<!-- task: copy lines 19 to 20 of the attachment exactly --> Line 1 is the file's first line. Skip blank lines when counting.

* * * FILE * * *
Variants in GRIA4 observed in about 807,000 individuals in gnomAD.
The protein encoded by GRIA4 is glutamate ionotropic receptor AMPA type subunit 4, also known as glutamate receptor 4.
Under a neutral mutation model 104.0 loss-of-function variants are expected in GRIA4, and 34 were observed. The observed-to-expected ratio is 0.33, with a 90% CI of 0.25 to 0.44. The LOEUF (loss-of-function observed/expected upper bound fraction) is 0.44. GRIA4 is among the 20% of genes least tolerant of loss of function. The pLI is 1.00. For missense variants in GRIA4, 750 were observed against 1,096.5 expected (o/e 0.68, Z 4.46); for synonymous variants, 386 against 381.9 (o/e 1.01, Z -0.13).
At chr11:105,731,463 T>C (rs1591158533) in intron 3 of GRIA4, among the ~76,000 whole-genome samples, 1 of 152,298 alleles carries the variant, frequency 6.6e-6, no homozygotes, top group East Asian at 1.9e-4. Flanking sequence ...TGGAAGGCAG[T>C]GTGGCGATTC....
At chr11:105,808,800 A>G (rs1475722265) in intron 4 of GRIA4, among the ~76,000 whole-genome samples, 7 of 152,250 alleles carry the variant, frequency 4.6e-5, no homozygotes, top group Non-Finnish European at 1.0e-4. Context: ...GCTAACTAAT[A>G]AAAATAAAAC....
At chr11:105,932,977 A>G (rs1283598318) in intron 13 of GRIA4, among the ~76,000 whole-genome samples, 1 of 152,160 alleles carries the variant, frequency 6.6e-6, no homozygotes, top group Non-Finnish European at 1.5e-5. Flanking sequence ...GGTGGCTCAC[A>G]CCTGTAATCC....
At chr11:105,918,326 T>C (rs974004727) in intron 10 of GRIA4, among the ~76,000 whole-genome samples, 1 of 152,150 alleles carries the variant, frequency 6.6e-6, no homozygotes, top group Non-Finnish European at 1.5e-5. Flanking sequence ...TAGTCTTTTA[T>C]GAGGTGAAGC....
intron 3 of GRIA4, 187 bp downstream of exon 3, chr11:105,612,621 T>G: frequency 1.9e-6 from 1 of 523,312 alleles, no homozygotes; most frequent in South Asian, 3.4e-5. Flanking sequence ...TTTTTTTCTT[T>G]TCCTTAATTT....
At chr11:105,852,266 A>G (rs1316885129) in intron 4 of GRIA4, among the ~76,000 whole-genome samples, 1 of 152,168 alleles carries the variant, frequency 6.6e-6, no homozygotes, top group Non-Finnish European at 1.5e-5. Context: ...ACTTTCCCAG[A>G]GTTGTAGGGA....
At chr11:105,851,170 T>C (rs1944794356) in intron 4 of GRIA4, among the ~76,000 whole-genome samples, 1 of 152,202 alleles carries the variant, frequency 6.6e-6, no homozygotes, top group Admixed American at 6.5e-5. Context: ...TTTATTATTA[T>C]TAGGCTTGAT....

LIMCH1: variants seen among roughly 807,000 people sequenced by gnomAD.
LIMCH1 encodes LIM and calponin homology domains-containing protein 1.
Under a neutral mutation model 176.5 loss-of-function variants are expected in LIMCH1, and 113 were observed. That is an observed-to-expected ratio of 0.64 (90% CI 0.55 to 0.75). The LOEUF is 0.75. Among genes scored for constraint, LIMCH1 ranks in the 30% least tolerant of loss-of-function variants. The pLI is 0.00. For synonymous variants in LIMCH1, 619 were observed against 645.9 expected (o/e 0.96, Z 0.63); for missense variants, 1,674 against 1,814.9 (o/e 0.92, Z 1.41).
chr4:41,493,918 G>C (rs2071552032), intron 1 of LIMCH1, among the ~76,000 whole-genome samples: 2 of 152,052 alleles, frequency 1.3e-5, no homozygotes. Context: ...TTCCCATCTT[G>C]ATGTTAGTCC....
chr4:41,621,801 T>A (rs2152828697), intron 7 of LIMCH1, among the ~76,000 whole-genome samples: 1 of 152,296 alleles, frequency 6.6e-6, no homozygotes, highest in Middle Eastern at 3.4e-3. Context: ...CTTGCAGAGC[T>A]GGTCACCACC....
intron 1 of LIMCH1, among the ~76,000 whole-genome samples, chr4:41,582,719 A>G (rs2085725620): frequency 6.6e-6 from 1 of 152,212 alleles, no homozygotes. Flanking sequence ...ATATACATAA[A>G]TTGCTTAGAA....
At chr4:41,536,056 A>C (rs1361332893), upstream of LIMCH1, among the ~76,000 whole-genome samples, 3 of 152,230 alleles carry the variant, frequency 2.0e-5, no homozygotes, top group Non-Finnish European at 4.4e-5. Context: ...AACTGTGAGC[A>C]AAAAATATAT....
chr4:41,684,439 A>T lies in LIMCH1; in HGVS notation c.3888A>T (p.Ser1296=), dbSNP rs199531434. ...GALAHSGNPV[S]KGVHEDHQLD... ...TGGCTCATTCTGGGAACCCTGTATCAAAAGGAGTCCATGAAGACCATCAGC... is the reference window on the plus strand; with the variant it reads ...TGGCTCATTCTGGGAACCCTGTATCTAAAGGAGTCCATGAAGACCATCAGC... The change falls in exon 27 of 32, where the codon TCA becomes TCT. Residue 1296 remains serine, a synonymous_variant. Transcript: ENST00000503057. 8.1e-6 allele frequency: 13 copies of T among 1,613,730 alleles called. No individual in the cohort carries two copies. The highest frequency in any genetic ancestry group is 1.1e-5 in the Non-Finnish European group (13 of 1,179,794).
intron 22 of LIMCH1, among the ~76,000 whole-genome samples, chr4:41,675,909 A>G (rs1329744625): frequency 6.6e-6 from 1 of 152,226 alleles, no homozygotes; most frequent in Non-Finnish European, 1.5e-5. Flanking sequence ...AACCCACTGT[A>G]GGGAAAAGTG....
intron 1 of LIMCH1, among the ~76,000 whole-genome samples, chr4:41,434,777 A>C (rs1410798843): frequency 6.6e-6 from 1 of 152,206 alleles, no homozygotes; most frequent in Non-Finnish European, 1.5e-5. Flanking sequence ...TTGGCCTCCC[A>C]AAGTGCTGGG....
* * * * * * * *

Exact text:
intron 22 of LIMCH1, among the ~76,000 whole-genome samples, chr4:41,675,909 A>G (rs1329744625): frequency 6.6e-6 from 1 of 152,226 alleles, no homozygotes; most frequent in Non-Finnish European, 1.5e-5. Flanking sequence ...AACCCACTGT[A>G]GGGAAAAGTG....
intron 1 of LIMCH1, among the ~76,000 whole-genome samples, chr4:41,434,777 A>C (rs1410798843): frequency 6.6e-6 from 1 of 152,206 alleles, no homozygotes; most frequent in Non-Finnish European, 1.5e-5. Flanking sequence ...TTGGCCTCCC[A>C]AAGTGCTGGG....